Complete photograph gallery of the Stakeholder Dinner and the Stakeholder Day can be viewed here.
UKAID Support New Anti-Malaria Insecticide Development 11th September 2013
IVCC receives £12 million from the UK Department for International Development (DfID) to develop the next generation of public health vector control tools.
IVCC has been awarded £12 million over the next five years by the UK Department for International Development (DfID) to support the development of new insecticides to combat malaria.
This is part of the UK Government’s commitment to combating diseases that place an enormous burden on the world’s poor. £138 million will go to nine product development partnerships for the development of new tools to treat, control and ultimately eliminate some of the world’s deadliest diseases, including malaria.
International Development Secretary, Justine Greening, said, “The development of new technologies is vital if we are to improve the health of the poorest people through better treatment and prevention, and avoid the unnecessary deaths of children. Working together in product development partnerships, the public and private sectors have a chance to bring together their expertise for the benefit of millions of the world’s poorest and most vulnerable people.”
The CEO of IVCC, Dr Nick Hamon commended DfID for its investment in saving lives amongst the poorest people. ‘This support from the UK government is vital to sustaining the enormous gains that have been made over the past 10 years in preventing malaria through effective vector control tools. Insecticide treated bednets and indoor residual spraying have proved to be very effective at reducing deaths and illness from malaria, but increasing resistance to existing insecticides puts these gains at risk.
With this support from DfID and other major partners such as the Bill and Melinda Gates Foundation, IVCC will move to the next phase in our development of the first new public health insecticides in 30 years. This novel chemistry will play a major part in bringing to an end this entirely preventable deadly disease which kills hundreds of thousands of children annually, devastates families and keeps countries poor.’
Since it was formed in 2005 IVCC has worked with some of the world’s leading agrochemical companies to identify new active ingredients that will form the basis of totally new insecticides for malaria prevention, and ultimately help to bring about the eradication of the disease. Companies partnering with IVCC have recently introduced two new insecticide formulations that prolong the effective life of current interventions and are proving to be valuable additional tools for malaria prevention.Bayer CropScience & IVCC Offer New Malaria Tool 30th October 2013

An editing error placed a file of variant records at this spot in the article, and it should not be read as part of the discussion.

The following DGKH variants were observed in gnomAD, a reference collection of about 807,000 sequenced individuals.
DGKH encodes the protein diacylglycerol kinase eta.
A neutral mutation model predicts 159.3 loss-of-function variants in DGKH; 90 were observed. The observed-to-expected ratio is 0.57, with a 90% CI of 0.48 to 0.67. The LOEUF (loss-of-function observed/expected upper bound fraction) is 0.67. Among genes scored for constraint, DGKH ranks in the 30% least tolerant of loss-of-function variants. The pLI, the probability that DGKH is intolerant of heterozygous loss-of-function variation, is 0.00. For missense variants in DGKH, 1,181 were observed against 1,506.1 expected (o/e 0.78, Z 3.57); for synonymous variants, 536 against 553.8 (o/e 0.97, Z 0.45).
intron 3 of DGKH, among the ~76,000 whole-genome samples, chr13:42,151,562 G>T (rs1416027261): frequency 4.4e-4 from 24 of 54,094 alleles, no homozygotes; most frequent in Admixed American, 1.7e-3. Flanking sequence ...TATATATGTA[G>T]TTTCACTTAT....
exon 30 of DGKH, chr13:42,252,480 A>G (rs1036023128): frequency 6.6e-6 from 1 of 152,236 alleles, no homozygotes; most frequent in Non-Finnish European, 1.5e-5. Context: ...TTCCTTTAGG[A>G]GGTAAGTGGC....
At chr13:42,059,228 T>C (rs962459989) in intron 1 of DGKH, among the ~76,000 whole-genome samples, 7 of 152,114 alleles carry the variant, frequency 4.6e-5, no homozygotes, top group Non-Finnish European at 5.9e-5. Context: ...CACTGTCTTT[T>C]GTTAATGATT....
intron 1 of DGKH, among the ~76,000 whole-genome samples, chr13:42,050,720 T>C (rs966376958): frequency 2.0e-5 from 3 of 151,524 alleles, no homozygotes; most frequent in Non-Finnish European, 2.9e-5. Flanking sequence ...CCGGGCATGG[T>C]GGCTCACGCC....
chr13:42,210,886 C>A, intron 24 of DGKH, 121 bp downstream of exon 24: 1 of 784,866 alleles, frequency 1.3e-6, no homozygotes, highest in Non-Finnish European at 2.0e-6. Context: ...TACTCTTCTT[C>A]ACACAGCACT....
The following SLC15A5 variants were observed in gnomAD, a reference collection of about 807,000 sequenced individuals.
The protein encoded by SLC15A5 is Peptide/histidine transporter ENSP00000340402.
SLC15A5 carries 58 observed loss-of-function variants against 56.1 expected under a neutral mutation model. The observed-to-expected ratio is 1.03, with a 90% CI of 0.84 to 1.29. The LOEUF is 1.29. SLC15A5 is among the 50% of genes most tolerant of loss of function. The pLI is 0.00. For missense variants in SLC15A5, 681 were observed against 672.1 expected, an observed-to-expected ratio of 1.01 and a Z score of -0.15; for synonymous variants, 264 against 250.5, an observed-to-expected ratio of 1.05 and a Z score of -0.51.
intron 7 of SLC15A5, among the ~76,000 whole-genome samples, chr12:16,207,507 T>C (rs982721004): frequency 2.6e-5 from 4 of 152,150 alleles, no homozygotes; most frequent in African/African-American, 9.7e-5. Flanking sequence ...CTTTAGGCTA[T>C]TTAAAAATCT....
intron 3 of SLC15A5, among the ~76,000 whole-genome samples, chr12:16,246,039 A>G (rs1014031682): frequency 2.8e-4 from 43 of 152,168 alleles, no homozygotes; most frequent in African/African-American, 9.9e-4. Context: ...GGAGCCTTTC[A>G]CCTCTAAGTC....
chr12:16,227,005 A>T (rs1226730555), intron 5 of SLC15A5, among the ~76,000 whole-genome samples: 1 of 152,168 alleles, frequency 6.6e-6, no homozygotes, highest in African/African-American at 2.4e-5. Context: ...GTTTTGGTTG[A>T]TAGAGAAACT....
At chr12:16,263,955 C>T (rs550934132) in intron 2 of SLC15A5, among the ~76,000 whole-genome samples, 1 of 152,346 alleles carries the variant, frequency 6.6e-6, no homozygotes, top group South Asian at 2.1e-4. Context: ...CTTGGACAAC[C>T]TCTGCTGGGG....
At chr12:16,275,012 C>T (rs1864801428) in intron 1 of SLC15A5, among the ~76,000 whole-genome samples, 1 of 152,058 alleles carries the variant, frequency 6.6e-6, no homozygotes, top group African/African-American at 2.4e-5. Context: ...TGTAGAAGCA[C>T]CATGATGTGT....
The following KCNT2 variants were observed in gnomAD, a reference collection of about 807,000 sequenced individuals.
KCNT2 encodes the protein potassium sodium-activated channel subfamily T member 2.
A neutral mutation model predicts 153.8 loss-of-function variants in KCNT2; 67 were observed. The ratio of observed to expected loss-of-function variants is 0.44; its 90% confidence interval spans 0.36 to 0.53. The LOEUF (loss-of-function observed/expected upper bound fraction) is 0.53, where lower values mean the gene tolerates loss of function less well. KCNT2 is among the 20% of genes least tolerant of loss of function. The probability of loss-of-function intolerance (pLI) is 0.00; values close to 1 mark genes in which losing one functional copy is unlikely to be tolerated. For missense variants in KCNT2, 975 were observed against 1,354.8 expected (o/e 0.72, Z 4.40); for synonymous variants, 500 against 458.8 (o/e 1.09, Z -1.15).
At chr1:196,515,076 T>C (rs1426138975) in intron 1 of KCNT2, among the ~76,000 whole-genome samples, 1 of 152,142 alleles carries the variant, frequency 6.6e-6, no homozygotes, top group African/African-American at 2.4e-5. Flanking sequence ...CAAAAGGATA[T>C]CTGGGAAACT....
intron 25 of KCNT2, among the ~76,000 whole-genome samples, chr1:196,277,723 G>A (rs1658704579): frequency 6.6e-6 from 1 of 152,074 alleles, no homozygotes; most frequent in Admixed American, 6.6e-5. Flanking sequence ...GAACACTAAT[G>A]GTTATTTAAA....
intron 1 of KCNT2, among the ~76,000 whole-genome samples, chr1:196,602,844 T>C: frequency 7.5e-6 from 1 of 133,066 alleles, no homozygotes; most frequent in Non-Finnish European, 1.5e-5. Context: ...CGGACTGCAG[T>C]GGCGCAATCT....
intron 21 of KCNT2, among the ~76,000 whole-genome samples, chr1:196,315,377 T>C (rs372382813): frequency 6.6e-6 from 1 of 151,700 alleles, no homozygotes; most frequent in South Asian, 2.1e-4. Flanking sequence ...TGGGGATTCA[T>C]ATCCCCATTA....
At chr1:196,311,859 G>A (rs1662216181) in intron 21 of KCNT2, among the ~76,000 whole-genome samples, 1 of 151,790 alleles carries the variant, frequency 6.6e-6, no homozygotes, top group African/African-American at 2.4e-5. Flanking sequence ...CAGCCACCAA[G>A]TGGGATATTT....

The World Health Organization Pesticide Evaluation Scheme (WHOPES) has issued a recommendation for a new polymer-enhanced, long-lasting Indoor Residual Spray for malaria vector control. This deltamethrin based spray was jointly developed by Bayer CropScience and IVCC (the Innovative Vector Control Consortium). It represents a viable cost-effective alternative to DDT for malaria control programs. Market introduction across Sub-Saharan Africa and other malaria endemic areas is expected to occur during 2014 once relevant national regulatory approvals are in place.
Since 2007, Bayer CropScience has been working with its partners in IVCC to develop longer lasting indoor residual spray formulations and new active ingredients to manage insect resistance in malaria vector control. The new polymer-enhanced formulation of deltamethrin offers a residual effectiveness of six months. The World Health Organization (WHO) has recognized this unique formulation as having a longer residual lifespan than any other pyrethroid insecticide formulation.
“The success of the international community’s goal of eradicating malaria globally depends ultimately on new ideas and innovation,” said Dr. David Nicholson, Head of Research & Development at Bayer CropScience. “Our long-lasting indoor-residual spray is an effective malaria intervention. As a global innovation and market leader in vector control, we will continue to work closely with IVCC to foster the introduction of new vector control tools for public health.”
“We are delighted to have met this important research milestone in our collaboration with Bayer CropScience”, said Nick Hamon, CEO of IVCC. “This collaborative achievement illustrates the progress which has been made on the original objectives to deliver effective and affordable vector control interventions. I look forward to further successful outcomes from the IVCC partnership with Bayer CropScience.”
There are many countries in Sub-Saharan Africa where the transmission period for malaria can be longer than six months. In these situations, when indoor residual spraying is regarded as an appropriate intervention, a product with longer-lasting efficacy can be very important, reducing the frequency of spraying required and saving considerable costs for malaria control programs.
All insecticide sprays for malaria control are required to be evaluated and recommended by the WHO for effectiveness and safety. Until now the only product formally recognized to have residual effectiveness exceeding six months has been DDT. However, as a Persistent Organic Pollutant (POP), the production and use of DDT is strictly restricted.